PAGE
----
11. Naber J, Hale A. A nursing study abroad experience in the blue zone of Sardinia, Italy: A case study of the program and development. J Comprehensive Nursing Res Care.2019;4: 146. (Ref)
  12. Lu DY, Chen YZ, Lu DF. Nursery service, quality promotion. Hospice & Palliative Medicine International Journal. 2019 May;3(3):97-98. (Ref)
  13. Lu DY, Chen YZ, Lu DF, Che JY. Nursery service in modern day. Adv Biomedical Engineering Biotechnology. 2019; 1(3): 1-2.
  14. Ghaffari M. Building a community of learners: Lessons learned. Nursery Practice and Health Care. 2019; 1 (1): 104. 
  15. Lu DY, Chen YZ, Lu DF. Nursery science and conventions. Nurs Health Care Int J. 2019 Sep;3(5):2-3. (Ref)
  16. Lu DY, Shen Y, Xu B. Heart and brain stroke, a paramount task for emergency medication. EC Emergency Medicine and Critical Care. 2019; 3(10):785.
  17. Khan M, Silver B. Editorial: Stroke in elderly: current status and future direction. Front Neurol. 2019 Mar;10:177. (Ref)
  18. Lu DY, Wu HY, Yarla NS, Xu B, Ding J, et al. HAART in HIV/AIDS treatments: Future trends. Infectious Disorders-Drug Targets. 2018;18(1):15-22. (Ref)
  19. Lu DY. HIV/AIDS Treatments, Fight for a Cure. LAMBERT Academic Publishing. Ed Da-Yong Lu, 2017, Germany (ISBN-978- 3-330-07665-5). (Ref)
  20. Serafini G, Salano P, Amore M. Suicidal ideation: a comprehensive overview. Suicidal Ideation: Predictors, Prevalence and Prevention. Ed. Bradley Weaver. Nova Science Publishing. US, 2015; 1:1-42. (Ref)
  21. Lu DY. Suicide Risks and Treatments, New Ideas and Future Perspectives. Ed Da-Yong Lu, Nova Science Publishers, 2017, New York, US (ISBN-978-1-53610-601-5). (Ref)
  22. Lu DY, Zhu PP, Wu HY, Yarla NS, Xu B, et al. Human suicide risk and treatment study. Cent Nerv Syst Agents Med Chem. 2018 Aug;18(3):206-212. (Ref)
  23. Melton LJ. Hip fracture; a worldwide problem today and tomorrow. Bone. 1993;14:S1-S8. (Ref)
  24. Lu DY, Che JY, Shen ZM, Tong LJ, Lin LP, Shen Y. Osteoporosis treatments for old people. EC Orthopeadicis. 2019; 10(5): 278- 280. (Ref)
  25. Putta S, Peluso I, Yarla NS, Kilari EK, Bishayee A, et al. Diabetes mellitus and male aging, pharmacotherapeutics and clinical implications. Curr Pharm Des. 2017;23(30):4475-4483. (Ref)
  26. Lu DY, Che JY, Yarla NS, Zhu H, Lu TR, et al. Type 2 diabetes study, introduction and perspective. The Open Diabetes J. 2018;8:13-21. (Ref)
  27. Lu DY, Che JY, Yarla NS, Wu HY, Lu TR, et al. Type 2 diabetes treatment and drug development study. The Open Diabetes J. 2018;8:22-33. (Ref)
  28. Zimmet PZ, Magliano DJ, Herman WH, Shaw JE. Diabetes; a 21st century challenge. Lancet Diabetes Endocrinol. 2014 Jan;2(1):56- 64. (Ref)
  29. Grimaccia F, Kanavos P. Cost, outcome, treatment pathways and challenges for diabetes care in Italy. Globalization Health. 2014 Jul;10(1):58. (Ref)
  30. Lu DY, Che JY, Lu Y, Yarla NS, Xu B, et al. An overview of obesity. Metabolomics. 2018; 8(2):200. (Ref)
  31. Lu DY, Che JY, Wu HY, Yarla NS, Xu B, et al. Obesity, risks and managements. Metabolomics. 2018;8(1):e156. (Ref)
  32. Lu DY, Che JY, Lu TR, Lu Y, Huang YK, et al. Pathology and treatments of obesity. Trends in Medicine. 2018;8(5):157. (Ref)
  33. Lu DY, Che JY, Yarla NS, Putta S, Lin LP, et al. Human obesity, pathological and therapeutic advances. EC Pharmacol Toxicol. 2019 Mar;7 (4):231-238. (Ref)
  34. Lu DY, Lu TR, Wu HY, Cao S. Cancer Metastasis treatments. Current Drug Therapy. 2013; 8(1):24-29. (Ref)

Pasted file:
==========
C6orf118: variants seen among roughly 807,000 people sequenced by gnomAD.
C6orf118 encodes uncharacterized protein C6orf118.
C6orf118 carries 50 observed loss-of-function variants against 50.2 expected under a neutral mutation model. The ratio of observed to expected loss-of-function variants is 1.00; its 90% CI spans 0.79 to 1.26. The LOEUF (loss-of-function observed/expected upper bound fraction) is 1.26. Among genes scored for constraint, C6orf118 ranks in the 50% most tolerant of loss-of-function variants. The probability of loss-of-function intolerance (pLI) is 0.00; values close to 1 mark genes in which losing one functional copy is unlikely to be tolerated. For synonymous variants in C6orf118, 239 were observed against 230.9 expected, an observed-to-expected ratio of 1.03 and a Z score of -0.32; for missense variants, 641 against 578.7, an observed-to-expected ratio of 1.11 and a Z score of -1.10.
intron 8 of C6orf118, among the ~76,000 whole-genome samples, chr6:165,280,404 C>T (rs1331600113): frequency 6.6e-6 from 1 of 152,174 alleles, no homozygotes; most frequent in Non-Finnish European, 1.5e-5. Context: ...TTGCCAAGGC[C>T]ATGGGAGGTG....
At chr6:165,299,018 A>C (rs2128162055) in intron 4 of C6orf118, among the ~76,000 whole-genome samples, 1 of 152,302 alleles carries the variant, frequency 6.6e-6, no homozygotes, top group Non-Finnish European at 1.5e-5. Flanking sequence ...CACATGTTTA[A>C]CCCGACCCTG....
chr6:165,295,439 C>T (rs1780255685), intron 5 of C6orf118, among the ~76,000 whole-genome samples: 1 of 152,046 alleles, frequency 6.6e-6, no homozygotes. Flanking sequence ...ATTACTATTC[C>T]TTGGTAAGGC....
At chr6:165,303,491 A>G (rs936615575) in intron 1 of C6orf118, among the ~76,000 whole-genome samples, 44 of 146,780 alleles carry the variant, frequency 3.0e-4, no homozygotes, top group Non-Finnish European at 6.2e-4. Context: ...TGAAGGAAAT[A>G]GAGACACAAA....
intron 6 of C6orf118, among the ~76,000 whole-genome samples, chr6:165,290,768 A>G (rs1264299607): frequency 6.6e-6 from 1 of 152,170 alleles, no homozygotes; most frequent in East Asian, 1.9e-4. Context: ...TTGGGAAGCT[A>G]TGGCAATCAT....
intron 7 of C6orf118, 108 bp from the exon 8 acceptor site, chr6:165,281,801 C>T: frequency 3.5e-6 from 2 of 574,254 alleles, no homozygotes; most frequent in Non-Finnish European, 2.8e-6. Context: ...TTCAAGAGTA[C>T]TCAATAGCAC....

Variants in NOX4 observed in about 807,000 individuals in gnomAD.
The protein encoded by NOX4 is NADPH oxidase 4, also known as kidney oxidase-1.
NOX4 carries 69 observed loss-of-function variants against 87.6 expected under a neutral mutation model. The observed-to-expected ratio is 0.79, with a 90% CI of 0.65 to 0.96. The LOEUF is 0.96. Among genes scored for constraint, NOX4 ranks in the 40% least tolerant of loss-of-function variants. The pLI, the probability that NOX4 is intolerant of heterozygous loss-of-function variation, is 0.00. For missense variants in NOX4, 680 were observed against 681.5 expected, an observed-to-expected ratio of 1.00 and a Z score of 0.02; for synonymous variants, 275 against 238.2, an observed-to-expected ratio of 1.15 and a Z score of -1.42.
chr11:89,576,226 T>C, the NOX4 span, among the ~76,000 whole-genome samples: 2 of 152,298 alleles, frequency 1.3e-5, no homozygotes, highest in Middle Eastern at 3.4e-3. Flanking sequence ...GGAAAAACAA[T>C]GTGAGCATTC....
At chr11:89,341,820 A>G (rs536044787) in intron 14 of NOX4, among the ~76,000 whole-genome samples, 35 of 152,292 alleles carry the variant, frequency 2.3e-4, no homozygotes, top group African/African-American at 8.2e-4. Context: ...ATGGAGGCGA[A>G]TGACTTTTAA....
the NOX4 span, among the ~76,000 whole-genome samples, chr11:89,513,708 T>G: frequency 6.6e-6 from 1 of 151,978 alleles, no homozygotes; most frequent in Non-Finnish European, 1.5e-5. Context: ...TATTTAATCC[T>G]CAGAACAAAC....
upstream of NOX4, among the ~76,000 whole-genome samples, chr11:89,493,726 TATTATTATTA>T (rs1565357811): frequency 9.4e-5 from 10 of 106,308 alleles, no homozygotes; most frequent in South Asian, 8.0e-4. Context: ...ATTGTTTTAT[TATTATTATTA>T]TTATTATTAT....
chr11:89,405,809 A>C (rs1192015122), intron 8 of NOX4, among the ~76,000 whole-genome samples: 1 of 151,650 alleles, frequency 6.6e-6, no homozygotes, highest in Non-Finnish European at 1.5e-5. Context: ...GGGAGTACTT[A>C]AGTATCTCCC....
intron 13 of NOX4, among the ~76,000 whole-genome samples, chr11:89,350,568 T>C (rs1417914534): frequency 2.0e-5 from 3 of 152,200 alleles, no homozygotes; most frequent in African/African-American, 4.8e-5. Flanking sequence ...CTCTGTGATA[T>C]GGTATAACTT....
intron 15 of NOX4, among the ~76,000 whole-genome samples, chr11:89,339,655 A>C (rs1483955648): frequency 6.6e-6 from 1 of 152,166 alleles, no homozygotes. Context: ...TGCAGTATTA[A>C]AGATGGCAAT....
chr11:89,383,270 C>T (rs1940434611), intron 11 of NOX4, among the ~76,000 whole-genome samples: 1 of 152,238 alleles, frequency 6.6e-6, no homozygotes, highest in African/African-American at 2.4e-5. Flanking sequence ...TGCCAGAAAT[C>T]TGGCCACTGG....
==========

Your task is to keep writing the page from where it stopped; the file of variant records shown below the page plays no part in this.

35. Nieto MA, Huang RY, Jackson RA, Thiery JP. EMT: 2016. Cell. 2016 Jun;166(1):21-45. (Ref)
  36. Lu DY, Xu B, Ding J. Antitumor effects of two bisdioxopiperazines against two experimental lung cancer models in vivo. BMC Pharmacology. 2004 Dec;4:32. (Ref)
  37. Lu DY, Chen XL, Ding J. Treatment of solid tumors and metastases by fibrinogen-targeted anticancer drug therapy. Med Hypotheses. 2007;68(1):188-193. (Ref)
  38. Lambert AW, Pattabiraman DR, Weinberg RA. Emerging biological principles of metastasis. Cell. 2017 Feb;168(4):670-691. (Ref)
  39. Putta S, Yarla NS, Peluso I, Tiwari DK, Reddy GV, et al. Anthocyanins: Possible role as multitarget therapeutic agents for prevention and therapy of chronic diseases. Curr Pharm Des.  2017;23(30):4475-4483. (Ref)
  40. Lu DY, Lu TR. Herbal medicine in new era. Hospice Palliative Medicine International J. 2019 Jun;3(4):125-130. (Ref)
  41. Lu DY. Personalized cancer chemotherapy, an effective way for enhancing outcomes in clinics. Woodhead Publishing, Elsevier. 2014 Dec. (Ref)
  42. Lu DY, Lu TR, Ding J, Xu B, Che JY, et al. Anticancer drug sensitivity testing, a historical review and future perspectives. Current Drug Therapy. 2015 Nov;10(1):44-55. (Ref)
  43. Lu DY, Lu TR, Xu B, Ding J. Pharmacogenetics of cancer therapy: breakthroughs from beyond? Future Sci OA. 2015 Nov;1(4). (Ref)
  44. Lu DY, Lu TR, Che JY, Yarla NS. Individualized cancer therapy, what is the next generation? EC Cancer. 2018 Jun;2(6):286-297. (Ref)
  45. Lu DY, Lu TR, Che JY, Shen Y, Yarla NS. Individualized cancer therapy, future approaches. Curr Pharmacogenomics Person Med. 2018;16(2):156-163. (Ref)
  46. Kapil M, Verma A, Sareen R, Gupta GN. Palliative care-a small step, big result, an effort to achieve. Hospice Palliative Medicine International J. 2019;3(5):149-150. (Ref)
  47. Prityko DA, Burkov IV, Safonov VV, Klimov DE, Gusev L. Palliative care for children, problems and ways to solve them. EC Clin Exp Anat. 2019 Oct;2(9):23-29. (Ref)
  48. Lu DY, Wu HY, Shen Y, Xu B, Lu TR. Medical treatments for incurable diseases, palliative therapy. Hospice Palliative Medicine International J. 2019;3 (5):175-176. (Ref)
  49. Lu DY, Chen YZ, Lu DF. Nursery training, from technical details in schools into medical knowledge education in nursery career. Hospice Palliative Medicine International J. 2019;3(5):163-165. (Ref)